Lies of P is my personal pick for 2023’s game of the year. The soulslike presents an experience that’s right up my alley: a tough-but-fair level of difficulty, excellent level design and - for the most part - finely tuned combat that blends fast-flowing attacks and precise parrying for a challenging yet satisfying experience. However, it’s Lies of P’s setting and adaption of its source material that undoubtedly wowed me the most.
Developed by Korean studios Neowiz Games and Round8 Studio and inspired by Carlo Collodi’s 1883 novel - The Adventures of Pinocchio - Lies of P presents a Belle Époque-esque setting in the city of Krat. The residents of this fictional city have enjoyed the fruits of an Industrial Revolution and the technological advances it brought with it, for the better - and very much for the worse.
In the game’s fantastical case, this would be the creation of autonomous puppets originally made to aid humans in their daily lives. Of course, we quickly learn that this bold vision of the future has gone catastrophically wrong. Oh, and there’s maybe just a sprinkling of mankind being collectively punished for the avaricious wants of the few as well. It wouldn’t quite be a soulslike without that, right?
This town's finished
To say Lies of P wears its inspirations on its sleeve would be a significant understatement. And I’m not just talking about its source material. Your first steps into the decaying, puppet-overridden streets of Krat smacks of Bloodborne’s Yharnam. Rotting corpses pile the streets, as do destroyed horse-drawn carriages. Peoples’ belongings lie scattered and abandoned across the cobbled stone. It’s all very much gone south.
Few human survivors remain, and the ones that are still alive and kicking aren’t exactly living their best lives. As the game progresses, you’ll find that it’s not just the puppets laying waste to Krat. There’s also an affliction going around that’s transforming the populace into horrific, bile-spewing eldritch creatures. Y’know, just in case an automaton apocalypse wasn’t the least of the city’s woes.
That FromSoftware inspiration only continues to intensify as our protagonist moves from the streets of Krat to suitably morbid locales like a cathedral, an opera house, the neglected villages on the city’s outskirts, and a hauntingly derelict train station.
Comfort in the familiar
Lies of P’s setting is appropriately soulslike, then, and those familiar with FromSoftware’s games should feel suitably at home in Krat. But I’d wager that fans of Collodi’s work - or indeed the 1940 Disney motion picture - will appreciate the lengths the developers have gone to make Lies of P’s setting feel faithful and familiar.
There’s the surface-level references, of course. Our main character, P, is based on the source material’s protagonist, and he’s able to lie to achieve humanity and cover up the painful truths Krat’s residents may not wish to hear. Geppetto’s here, too; the creator of the puppets is incredibly doting to our protagonist and fulfills his role as a father figure, though he’s ultimately a man of rather obscured intentions.
Lies of P then fleshes out its lore with characters analogous to ones found in the book. In the game, two hunters named Black Cat and Red Fox are frequently encountered. These siblings often aid and/or trick P for their own ends, similar to their role in the novel. Sophia and Gemini, two of P’s few allies in the game, serve the roles of the fairy and the talking cricket from the novel (or the Blue Fairy and Jiminy Cricket, if you’re more familiar with Disney’s film).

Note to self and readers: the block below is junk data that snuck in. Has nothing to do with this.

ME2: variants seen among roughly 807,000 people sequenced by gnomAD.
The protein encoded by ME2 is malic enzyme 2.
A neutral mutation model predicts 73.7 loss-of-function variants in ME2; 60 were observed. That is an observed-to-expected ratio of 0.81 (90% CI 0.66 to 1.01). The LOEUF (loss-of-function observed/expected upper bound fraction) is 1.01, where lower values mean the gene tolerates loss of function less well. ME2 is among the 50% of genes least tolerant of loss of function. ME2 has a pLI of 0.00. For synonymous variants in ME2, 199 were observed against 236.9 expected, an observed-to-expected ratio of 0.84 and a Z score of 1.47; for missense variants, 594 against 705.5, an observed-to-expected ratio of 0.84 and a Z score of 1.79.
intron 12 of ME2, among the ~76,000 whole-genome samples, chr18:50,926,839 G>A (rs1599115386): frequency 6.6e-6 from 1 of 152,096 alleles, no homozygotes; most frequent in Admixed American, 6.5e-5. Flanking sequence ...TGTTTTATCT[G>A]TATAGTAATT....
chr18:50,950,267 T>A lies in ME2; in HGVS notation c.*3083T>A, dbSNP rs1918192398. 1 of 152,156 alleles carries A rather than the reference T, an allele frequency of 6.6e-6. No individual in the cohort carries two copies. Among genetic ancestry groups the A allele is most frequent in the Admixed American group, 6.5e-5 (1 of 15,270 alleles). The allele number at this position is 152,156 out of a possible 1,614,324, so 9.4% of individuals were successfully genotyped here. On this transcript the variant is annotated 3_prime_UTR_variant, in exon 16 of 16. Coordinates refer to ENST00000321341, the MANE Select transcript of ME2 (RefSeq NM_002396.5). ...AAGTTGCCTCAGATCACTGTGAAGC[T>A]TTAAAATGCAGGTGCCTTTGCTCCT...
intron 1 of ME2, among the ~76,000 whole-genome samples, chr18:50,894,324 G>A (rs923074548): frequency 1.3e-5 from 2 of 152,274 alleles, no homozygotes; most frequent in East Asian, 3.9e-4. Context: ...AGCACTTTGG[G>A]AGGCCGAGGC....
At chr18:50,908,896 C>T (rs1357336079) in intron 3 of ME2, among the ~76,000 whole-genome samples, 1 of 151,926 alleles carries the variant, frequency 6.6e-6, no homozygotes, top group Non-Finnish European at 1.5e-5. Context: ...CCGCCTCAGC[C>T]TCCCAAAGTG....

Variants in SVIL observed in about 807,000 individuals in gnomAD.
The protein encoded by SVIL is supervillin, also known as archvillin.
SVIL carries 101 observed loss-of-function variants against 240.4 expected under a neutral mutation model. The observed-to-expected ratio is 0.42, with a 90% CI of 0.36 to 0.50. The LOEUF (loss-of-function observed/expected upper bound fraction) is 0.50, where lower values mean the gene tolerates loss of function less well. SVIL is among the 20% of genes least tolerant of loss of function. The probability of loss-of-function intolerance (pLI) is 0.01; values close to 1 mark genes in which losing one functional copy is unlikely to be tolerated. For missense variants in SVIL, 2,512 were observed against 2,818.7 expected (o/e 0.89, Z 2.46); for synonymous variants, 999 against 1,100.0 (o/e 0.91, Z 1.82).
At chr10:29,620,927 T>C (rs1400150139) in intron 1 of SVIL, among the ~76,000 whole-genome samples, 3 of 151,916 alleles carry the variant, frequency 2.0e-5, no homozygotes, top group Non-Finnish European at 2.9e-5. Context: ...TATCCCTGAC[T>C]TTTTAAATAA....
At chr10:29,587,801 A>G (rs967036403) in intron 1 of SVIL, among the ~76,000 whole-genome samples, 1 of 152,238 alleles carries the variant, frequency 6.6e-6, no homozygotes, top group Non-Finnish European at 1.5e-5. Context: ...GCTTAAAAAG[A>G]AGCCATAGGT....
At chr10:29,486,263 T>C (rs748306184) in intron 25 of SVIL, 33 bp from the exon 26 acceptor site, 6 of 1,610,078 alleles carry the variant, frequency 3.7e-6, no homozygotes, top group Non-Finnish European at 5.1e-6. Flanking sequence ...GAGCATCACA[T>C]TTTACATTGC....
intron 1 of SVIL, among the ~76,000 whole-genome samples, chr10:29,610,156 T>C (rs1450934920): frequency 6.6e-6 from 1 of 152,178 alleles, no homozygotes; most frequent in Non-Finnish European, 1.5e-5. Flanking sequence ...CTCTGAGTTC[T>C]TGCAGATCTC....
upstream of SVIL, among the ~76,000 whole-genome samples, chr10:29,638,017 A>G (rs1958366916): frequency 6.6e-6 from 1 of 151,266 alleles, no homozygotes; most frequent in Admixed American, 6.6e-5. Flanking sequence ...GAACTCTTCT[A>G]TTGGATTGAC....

Much like the game as a whole, Lies of P’s characters are comparable to their original roles, while also offering traits and personal circumstances that help them slot into this bleaker world effectively.
Through the keyhole
Spoiler warning for Lie's of P's post-credits scene below.
Round8’s remarkably creative yet faithful adaptation of The Adventures of Pinocchio has me incredibly excited for what the developers are going to be working on next, as well as the soulslike subgenre as a whole. We already know that they are working on DLC for Lies of P and my jaw dropped at the post-credits tease of a sequel set in the world of L. Frank Baum’s The Wonderful Wizard of Oz.
Having finished Lies of P, I came away thinking that fairytales and folklore make perfect material for soulslike games. I’m now dying to see what developers can do with Alice in Wonderland, especially given that the PC-exclusive American McGee’s Alice from 2000 showed that a macabre twist on its setting and themes absolutely works. I’d also be extremely partial to a soulslike based on Hansel and Gretel, perhaps with the titular siblings trapped in a world conjured by the tale’s villainous witch, following a trail to escape while preventing her from carrying out further harm.
Ultimately, Lies of P is a game that I haven’t been able to stop thinking about ever since I rolled credits. The remarkably bleak setting eloquently weaves the themes of Collodi’s work that’s equal parts creative and respectful.
Lies of P’s strong critical reception and its surprising commercial success (the game sold over one million copies in its first month) might just have triggered a domino effect that sees Neowiz and Round8 Studio, and other developers besides, try their hand at creating more games based on beloved tales from centuries past. And I’m very much here for it.
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Rhys is TRG's Hardware Editor, and has been part of the TechRadar team for more than two years. Particularly passionate about high-quality third-party controllers and headsets, as well as the latest and greatest in fight sticks and VR, Rhys strives to provide easy-to-read, informative coverage on gaming hardware of all kinds. As for the games themselves, Rhys is especially keen on fighting and racing games, as well as soulslikes and RPGs.